Politics

GOP Helps Dems Kill Conservative Amendments to Farm Bill

Bipartisan votes in the House kill reform proposals to expand work requirements, cut subsidies, and mandate E-Verify

Lawmakers will vote Friday on a farm bill that has been vilified by Democrats as mean-spirited even as some conservatives grumble it’s a watered-down attempt at reform.

Thursday’s marathon debate on the floor of the House of Representatives offered plenty of ammunition for the latter view. Large bipartisan majorities shot down amendments to expand work requirements for able-bodied food stamp recipients, eliminate subsidies for farmers, and crack down on illegal immigration.

The bill headed for a final vote Friday requires that work-capable recipients who do not have children younger than six be employed at least 20 hours a week, attend classes, or participate in job-training programs.

It also narrows the ability of states to exempt large numbers of beneficiaries from work requirements, as many currently do. States would be able to exempt no more than 15 percent of the people who receive benefits from the Supplemental Nutritional Assistance Program (SNAP), the formal name for the food stamp program.

On Thursday, Rep. Tom McClintock (R-Calif.) tried to reduce that to 5 percent. The amendment also would have exempted parents of children up to three years old, instead of six, and let married spouses stay home instead of work.

Finally, the amendment would have required training programs to use the E-Verify system to ensure that illegal immigrants cannot participate.

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The proposal failed on a 330-83 vote. A majority of House Republicans — 144 — joined 185 Democrats in killing the amendment.

Mark Meckler, president of the Tea Party group Citizens for Self-Governance, said the bill as it currently stands requires only about 20 percent of able-bodied food stamp recipients to work.

“What they’re doing is surface reform,” he said.

McClintock said during the debate that his amendment would transform an “empty and symbolic gesture” to require work by increasing the share of able-bodied adult food stamp recipients to whom the work requirement applies from 20 percent to 70 percent. He would do this, in part, by eliminating the ability of states to waive work requirements in high-income areas.

“It deletes the waiver for an important reason,” he said. “Where there is high unemployment, there’s also more reason to encourage job training and job searching in order to equip recipients to compete in tighter job markets. Sidelining these individuals is self-defeating both for them and for the local economies.”

McClintock also said that the bill as written includes what amounts to a “marriage penalty” because it treats married couples as if they were single with respect to the work requirement. His amendment would have applied the work requirement only to one parent, letting the other take care of the home and children.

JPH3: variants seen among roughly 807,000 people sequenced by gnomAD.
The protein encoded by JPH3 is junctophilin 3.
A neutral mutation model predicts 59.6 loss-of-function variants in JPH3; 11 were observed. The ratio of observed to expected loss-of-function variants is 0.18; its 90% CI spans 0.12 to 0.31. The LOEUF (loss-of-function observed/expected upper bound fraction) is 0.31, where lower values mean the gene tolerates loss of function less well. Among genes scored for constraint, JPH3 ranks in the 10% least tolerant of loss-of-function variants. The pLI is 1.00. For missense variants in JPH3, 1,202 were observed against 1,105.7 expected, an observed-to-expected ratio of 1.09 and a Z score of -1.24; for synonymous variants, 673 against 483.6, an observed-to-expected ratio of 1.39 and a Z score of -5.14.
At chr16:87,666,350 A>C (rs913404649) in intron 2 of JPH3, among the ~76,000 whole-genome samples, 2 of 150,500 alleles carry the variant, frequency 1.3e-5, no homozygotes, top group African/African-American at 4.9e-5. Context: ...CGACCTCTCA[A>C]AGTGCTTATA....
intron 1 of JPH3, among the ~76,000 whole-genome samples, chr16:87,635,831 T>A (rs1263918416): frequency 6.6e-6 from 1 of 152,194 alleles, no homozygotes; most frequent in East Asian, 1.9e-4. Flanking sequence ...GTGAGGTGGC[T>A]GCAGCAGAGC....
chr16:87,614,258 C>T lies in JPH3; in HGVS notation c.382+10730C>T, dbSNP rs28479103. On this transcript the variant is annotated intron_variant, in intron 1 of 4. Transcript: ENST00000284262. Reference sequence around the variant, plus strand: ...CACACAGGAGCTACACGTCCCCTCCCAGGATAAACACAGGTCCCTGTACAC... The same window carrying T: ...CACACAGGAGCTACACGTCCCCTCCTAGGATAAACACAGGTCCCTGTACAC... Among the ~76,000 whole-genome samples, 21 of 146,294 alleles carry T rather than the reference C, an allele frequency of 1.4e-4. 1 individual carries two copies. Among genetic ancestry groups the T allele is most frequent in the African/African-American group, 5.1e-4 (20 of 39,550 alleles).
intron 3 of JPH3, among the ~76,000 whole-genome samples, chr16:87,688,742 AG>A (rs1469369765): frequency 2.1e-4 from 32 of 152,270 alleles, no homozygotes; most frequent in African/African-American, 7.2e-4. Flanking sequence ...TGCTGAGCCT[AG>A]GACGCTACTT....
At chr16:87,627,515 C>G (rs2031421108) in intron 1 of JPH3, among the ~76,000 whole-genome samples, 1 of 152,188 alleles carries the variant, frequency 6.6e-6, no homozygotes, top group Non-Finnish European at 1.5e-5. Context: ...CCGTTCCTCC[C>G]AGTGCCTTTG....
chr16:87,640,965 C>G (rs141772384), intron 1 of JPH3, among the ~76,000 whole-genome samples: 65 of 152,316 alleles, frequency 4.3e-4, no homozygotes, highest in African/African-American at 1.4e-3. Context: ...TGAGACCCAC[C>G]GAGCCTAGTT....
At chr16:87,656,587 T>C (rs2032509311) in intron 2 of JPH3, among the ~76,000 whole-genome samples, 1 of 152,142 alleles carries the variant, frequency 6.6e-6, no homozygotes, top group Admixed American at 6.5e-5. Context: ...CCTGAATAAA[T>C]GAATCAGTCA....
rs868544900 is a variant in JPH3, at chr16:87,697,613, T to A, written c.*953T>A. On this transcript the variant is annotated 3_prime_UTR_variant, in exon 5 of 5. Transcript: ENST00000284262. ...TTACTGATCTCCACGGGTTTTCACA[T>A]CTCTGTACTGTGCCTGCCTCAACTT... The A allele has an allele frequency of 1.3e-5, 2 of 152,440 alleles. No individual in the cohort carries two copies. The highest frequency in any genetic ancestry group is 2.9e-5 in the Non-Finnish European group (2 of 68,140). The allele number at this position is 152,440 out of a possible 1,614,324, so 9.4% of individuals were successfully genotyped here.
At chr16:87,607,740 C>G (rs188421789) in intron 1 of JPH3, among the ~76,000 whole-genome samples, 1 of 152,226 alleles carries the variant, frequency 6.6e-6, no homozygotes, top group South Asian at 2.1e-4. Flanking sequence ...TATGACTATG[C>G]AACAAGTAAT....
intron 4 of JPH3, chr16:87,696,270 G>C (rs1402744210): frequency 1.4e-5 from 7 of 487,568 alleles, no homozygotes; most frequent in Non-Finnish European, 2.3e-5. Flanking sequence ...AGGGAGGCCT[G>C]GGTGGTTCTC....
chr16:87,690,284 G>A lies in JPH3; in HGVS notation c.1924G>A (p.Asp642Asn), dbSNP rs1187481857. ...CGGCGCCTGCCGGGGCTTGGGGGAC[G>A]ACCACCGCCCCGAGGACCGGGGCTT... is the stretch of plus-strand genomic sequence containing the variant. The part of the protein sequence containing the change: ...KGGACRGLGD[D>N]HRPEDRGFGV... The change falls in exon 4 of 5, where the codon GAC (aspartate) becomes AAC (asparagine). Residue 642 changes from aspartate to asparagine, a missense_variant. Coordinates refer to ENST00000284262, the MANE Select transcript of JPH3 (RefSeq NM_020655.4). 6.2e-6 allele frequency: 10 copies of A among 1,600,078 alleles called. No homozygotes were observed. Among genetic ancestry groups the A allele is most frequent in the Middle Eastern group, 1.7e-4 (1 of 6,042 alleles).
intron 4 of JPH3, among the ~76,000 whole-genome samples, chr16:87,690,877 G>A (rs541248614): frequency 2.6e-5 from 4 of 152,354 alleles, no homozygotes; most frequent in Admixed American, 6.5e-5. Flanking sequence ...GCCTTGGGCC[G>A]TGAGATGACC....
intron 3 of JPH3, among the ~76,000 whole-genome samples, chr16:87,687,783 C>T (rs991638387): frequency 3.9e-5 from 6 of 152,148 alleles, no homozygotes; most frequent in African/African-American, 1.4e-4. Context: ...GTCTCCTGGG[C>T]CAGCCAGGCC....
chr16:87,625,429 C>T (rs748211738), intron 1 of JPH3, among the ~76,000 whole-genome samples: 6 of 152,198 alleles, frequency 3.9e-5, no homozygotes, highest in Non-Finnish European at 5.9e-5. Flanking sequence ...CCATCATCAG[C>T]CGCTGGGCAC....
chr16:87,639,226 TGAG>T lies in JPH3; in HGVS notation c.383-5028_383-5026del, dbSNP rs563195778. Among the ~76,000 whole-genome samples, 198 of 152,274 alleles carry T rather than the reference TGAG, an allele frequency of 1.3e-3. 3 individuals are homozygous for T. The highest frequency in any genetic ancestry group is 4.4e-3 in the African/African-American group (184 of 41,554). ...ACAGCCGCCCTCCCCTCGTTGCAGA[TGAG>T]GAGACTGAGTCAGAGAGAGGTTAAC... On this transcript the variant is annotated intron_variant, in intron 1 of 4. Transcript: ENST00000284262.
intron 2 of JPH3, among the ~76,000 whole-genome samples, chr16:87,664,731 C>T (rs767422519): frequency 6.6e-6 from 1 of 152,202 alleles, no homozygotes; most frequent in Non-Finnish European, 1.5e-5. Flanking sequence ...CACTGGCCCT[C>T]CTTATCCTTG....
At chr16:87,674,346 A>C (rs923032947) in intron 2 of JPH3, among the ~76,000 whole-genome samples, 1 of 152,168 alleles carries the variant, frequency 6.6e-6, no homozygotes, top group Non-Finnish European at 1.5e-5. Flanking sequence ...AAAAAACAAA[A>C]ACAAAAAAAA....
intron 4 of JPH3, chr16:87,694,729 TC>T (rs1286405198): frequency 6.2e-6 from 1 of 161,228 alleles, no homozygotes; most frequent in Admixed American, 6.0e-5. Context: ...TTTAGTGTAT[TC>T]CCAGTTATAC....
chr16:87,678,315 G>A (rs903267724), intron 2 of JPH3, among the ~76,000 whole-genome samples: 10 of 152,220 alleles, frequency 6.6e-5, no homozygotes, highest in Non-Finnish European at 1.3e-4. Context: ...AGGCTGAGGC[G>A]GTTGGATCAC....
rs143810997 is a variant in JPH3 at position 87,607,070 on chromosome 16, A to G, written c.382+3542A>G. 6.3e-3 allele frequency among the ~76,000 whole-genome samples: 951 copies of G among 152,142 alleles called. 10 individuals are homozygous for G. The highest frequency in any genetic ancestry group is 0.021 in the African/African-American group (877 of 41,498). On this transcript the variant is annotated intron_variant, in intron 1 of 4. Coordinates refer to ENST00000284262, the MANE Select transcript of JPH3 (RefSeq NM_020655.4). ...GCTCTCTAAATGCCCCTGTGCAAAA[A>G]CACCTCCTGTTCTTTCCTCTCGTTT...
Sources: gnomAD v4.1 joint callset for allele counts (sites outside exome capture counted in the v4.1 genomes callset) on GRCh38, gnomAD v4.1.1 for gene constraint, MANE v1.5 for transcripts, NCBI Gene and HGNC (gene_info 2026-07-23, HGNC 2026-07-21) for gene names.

“This recognizes, encourages and rewards marriage as the stable and nurturing environment that it is,” he said.

Finally, McClintock depicted his proposal to require E-Verify as a common-sense reform.

“This requirement’s essential to the enforcement of our immigration laws, for otherwise, we’re spending taxpayer money to train illegal immigrants, whom federal law prohibits from being employed.”

“This requirement’s essential to the enforcement of our immigration laws, for otherwise, we’re spending taxpayer money to train illegal immigrants, whom federal law prohibits from being employed,” he said.

That Democrats would oppose McClintock is hardly surprising. But it did not go over well with most Republicans, either.

Rep. Glenn Thompson (R-Pa.) said it was bad idea to exempt spouses.

“One spouse working 20 hours a week does not lead to self-sufficiency,” he said.

Thompson also criticized the proposed immigration-related safeguard.

“Requiring education-training providers to use E-Verify on all participants who depend on them for services is just plain cruel,” he said.

Said Rep. John Faso (R-N.Y.): “Lowering the age from six to three will make it much more difficult for many SNAP families to comply with the work requirements.”

The House defeated two proposals to eliminate agricultural subsidies. The vote was 380-34 to defeat an amendment by McClintock to phase out subsides. Lawmakers voted 278-137 against a separate proposal by Rep. Virginia Foxx (R-N.C.) targeting sugar subsidies. A majority of Republicans joined all but 41 Democrats.

Foxx said during the debate that other generous price supports had been eliminated over the years. She cited data from the International Trade Commission indicating that every sugar job protected costs three manufacturing jobs.

Related: How Obama and State Officials Swelled Food Stamp Rolls

“Only sugar is left with this sweet deal,” she said. “When the government gets into picking winners and losers, American jobs are at risk.”

But Agriculture Committee Chairman Mike Conaway (R-Texas) said Foxx’s proposal “denigrates the hardworking men and women, the farmers and ranchers … She couldn’t be more wrong or more disrespectful.”

Jason Pye, vice president of legislative affairs at FreedomWorks, said the farm bill is an “improvement of the status quo” but a disappointment nonetheless.

“It’s largely a missed opportunity to do something more significant,” he said.

PoliZette senior writer Brendan Kirby can be reached at [email protected]. Follow him on Twitter.

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